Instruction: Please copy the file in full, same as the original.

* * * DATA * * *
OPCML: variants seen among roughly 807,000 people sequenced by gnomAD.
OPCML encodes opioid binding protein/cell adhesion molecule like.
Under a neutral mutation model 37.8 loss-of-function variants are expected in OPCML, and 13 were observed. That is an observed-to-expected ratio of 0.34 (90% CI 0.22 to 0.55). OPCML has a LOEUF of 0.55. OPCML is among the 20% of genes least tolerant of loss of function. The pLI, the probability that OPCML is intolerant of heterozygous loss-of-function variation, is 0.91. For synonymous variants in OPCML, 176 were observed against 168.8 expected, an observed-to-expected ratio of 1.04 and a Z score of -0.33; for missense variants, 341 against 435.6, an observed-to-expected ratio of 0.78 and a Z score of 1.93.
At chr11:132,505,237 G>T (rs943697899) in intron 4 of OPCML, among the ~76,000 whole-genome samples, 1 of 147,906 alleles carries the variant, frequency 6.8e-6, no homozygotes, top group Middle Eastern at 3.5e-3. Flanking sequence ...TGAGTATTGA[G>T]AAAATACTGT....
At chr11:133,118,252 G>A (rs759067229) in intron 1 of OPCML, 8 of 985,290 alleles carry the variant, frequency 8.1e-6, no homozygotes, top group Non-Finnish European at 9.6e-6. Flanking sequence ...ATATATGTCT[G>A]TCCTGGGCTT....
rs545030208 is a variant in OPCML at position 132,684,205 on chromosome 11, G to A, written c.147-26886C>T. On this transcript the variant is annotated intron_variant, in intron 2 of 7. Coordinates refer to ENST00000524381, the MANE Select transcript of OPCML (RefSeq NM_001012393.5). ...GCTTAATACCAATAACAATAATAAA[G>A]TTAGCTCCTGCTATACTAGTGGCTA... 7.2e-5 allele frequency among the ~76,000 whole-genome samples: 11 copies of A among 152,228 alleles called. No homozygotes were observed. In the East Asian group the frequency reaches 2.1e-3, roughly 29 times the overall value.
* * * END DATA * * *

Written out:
OPCML: variants seen among roughly 807,000 people sequenced by gnomAD.
OPCML encodes opioid binding protein/cell adhesion molecule like.
Under a neutral mutation model 37.8 loss-of-function variants are expected in OPCML, and 13 were observed. That is an observed-to-expected ratio of 0.34 (90% CI 0.22 to 0.55). OPCML has a LOEUF of 0.55. OPCML is among the 20% of genes least tolerant of loss of function. The pLI, the probability that OPCML is intolerant of heterozygous loss-of-function variation, is 0.91. For synonymous variants in OPCML, 176 were observed against 168.8 expected, an observed-to-expected ratio of 1.04 and a Z score of -0.33; for missense variants, 341 against 435.6, an observed-to-expected ratio of 0.78 and a Z score of 1.93.
At chr11:132,505,237 G>T (rs943697899) in intron 4 of OPCML, among the ~76,000 whole-genome samples, 1 of 147,906 alleles carries the variant, frequency 6.8e-6, no homozygotes, top group Middle Eastern at 3.5e-3. Flanking sequence ...TGAGTATTGA[G>T]AAAATACTGT....
At chr11:133,118,252 G>A (rs759067229) in intron 1 of OPCML, 8 of 985,290 alleles carry the variant, frequency 8.1e-6, no homozygotes, top group Non-Finnish European at 9.6e-6. Flanking sequence ...ATATATGTCT[G>A]TCCTGGGCTT....
rs545030208 is a variant in OPCML at position 132,684,205 on chromosome 11, G to A, written c.147-26886C>T. On this transcript the variant is annotated intron_variant, in intron 2 of 7. Coordinates refer to ENST00000524381, the MANE Select transcript of OPCML (RefSeq NM_001012393.5). ...GCTTAATACCAATAACAATAATAAA[G>A]TTAGCTCCTGCTATACTAGTGGCTA... 7.2e-5 allele frequency among the ~76,000 whole-genome samples: 11 copies of A among 152,228 alleles called. No homozygotes were observed. In the East Asian group the frequency reaches 2.1e-3, roughly 29 times the overall value.